Advertisement

Exposure of Raptors and Waterbirds to Anticoagulant Rodenticides (Difenacoum, Bromadiolone, Coumatetralyl, Coumafen, Brodifacoum): Epidemiological Survey in Loire Atlantique (France)

  • O. Lambert
  • H. Pouliquen
  • M. Larhantec
  • C. Thorin
  • M. L’Hostis
Article

Anticoagulant rodenticides are commonly used to control rodent pests all over the world. These pesticides inhibit the vitamin K cycle in the liver, prevent blood clotting and cause death by hemorrhage. Despite the fact that they were intended for the control of commensal rodents, they may affect non target species, either directly by consumption of contaminated cereal-based baits, or indirectly by consumption of contaminated preys (secondary poisoning).

Secondary poisoning of non target species by anticoagulant rodenticides has been confirmed in many mammals and birds species, such as mustelids, foxes and birds of prey (Shore et al., 1996; Berny et al., 1997; Birks 1998; Stone et al., 1999; Stone et al.,2003; Harding 2004; Fournier-Chambrillon et al., 2004). Nevertheless, poisoning of non target species by direct consumption of anticoagulant rodenticides in the form of contaminated baits is poorly documented. Loire Atlantique is a French department well known for its wetlands and...

Keywords

European Mink Common Buzzard Brodifacoum Anticoagulant Rodenticide Bromadiolone 
These keywords were added by machine and not by the authors. This process is experimental and the keywords may be updated as the learning algorithm improves.

Notes

Acknowledgments

This research was financially supported by Neodis France.

References

  1. Berny PJ, Buronfosse T, Buronfosse F, Lamarque F, Lorgue G (1997) Field evidence of secondary poisoning of foxes (Vulpes vulpes) and buzzards (Buteo buteo) by bromadiolone, a 4-year survey. Chemosphere 8:1817–1829CrossRefGoogle Scholar
  2. Birks JDS (1998) Secondary rodenticide poisoning risk arising from winter farmyard use by the European polecat Mustela putorius. Biol Conserv 85:233–240CrossRefGoogle Scholar
  3. Fauconnet V, Pouliquen H, Pinault L (1997) Reversed-phase HPLC determination of eight anticoagulant rodenticides in animal liver. J Anal Toxicol 21:548–553Google Scholar
  4. Fournier-Chambrillon C, Berny PJ, Coiffier O, Barbedienne P, Dassé B, Delas G, Galineau H, Mazet A, Pouzenc P, Rosoux R, Fournier P (2004) Evidence of secondary poisoning of free-ranging riparian mustelids by anticoagulant rodenticides in France: implications for conservation of European mink (Mustela lutreola). J Wildl Dis 40:688–695Google Scholar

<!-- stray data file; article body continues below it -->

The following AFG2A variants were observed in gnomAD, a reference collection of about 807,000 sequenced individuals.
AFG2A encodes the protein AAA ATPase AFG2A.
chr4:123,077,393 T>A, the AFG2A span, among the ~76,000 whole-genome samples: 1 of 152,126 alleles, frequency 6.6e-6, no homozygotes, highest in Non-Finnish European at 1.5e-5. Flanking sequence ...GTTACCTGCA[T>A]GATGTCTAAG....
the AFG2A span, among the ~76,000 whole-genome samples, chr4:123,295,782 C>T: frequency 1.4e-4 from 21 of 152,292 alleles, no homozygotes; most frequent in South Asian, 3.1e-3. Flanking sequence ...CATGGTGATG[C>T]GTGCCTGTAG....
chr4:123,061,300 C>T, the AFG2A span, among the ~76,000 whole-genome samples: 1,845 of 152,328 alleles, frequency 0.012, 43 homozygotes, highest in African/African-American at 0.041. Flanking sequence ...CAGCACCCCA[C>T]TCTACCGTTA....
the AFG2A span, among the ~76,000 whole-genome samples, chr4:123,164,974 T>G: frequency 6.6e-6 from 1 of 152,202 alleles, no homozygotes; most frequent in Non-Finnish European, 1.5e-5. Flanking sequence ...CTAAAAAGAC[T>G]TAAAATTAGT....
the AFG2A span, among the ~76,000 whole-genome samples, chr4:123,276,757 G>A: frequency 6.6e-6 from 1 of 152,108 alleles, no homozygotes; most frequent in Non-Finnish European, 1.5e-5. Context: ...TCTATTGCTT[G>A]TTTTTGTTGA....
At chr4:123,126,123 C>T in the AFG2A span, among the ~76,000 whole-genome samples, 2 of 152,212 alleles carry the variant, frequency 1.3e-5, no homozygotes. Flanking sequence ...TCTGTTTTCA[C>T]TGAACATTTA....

5. Génsbøl B (1999) Guide des rapaces diurnes, Europe, Afrique du Nord et Moyen-Orient, 2nd edn. Delachaux et Niestlé S.A., Lausanne-ParisGoogle Scholar
  6. Harding LE (2004) Environmental contaminants in wild martens (Martes Americana) and wolverines (Gulo luscus). Bull Environ Contam Toxicol 73:98–105CrossRefGoogle Scholar
  7. McDonald RA, Harris S, Turnbull G, Brown P, Fletcher M (1998) anticoagulant rodenticides in stoats (Mustela erminea) and weasels (Mustela nivalis) in England. Environ Pollut 103:17–23CrossRefGoogle Scholar
  8. Merson MH, Byers RE, Kaukeinen DE (1984) Residues of the rodenticide brodifacoum in voles and raptors after orchard treatment. J Wildl Manag 48:212–216CrossRefGoogle Scholar
  9. Shore RF, Birks JDS, Freestone P, Kitchener AC (1996) Second-generation rodenticides and polecats (Mustela putorius) in Britain. Environ Pollut 91:279–282CrossRefGoogle Scholar
  10. Stone WB, Okoniewski JC, Stedelin JR (1999) Poisoning of wildlife with anticoagulant rodenticides in New York. J Wildl Dis 35:187–193Google Scholar
  11. Stone WB, Okoniewski JC, Stedelin JR (2003) Anticoagulant rodenticides and raptors: recent findings from New York, 1998–2001. Bull Environ Contam Toxicol 70:34–40CrossRefGoogle Scholar
  12. Tyuttens FAM, Stuyck JJJM (2002) Effectiveness and efficiency of chlorophacinone poisoning for the control of muskrat (Ondathra zibethicus) populations. New Zealand J Zool 29:33–40Google Scholar

Copyright information

© Springer Science+Business Media, LLC 2007

Authors and Affiliations

  • O. Lambert
    • 1
  • H. Pouliquen
    • 2
  • M. Larhantec
    • 2
  • C. Thorin
    • 2
  • M. L’Hostis
    • 1
  1. 1.Centre Vétérinaire de la Faune SauvageEcole Nationale Vétérinaire de NantesNantes cedex 03France
  2. 2.Unité de Pharmacologie et ToxicologieEcole Nationale Vétérinaire de NantesNantes cedex 03France

Personalised recommendations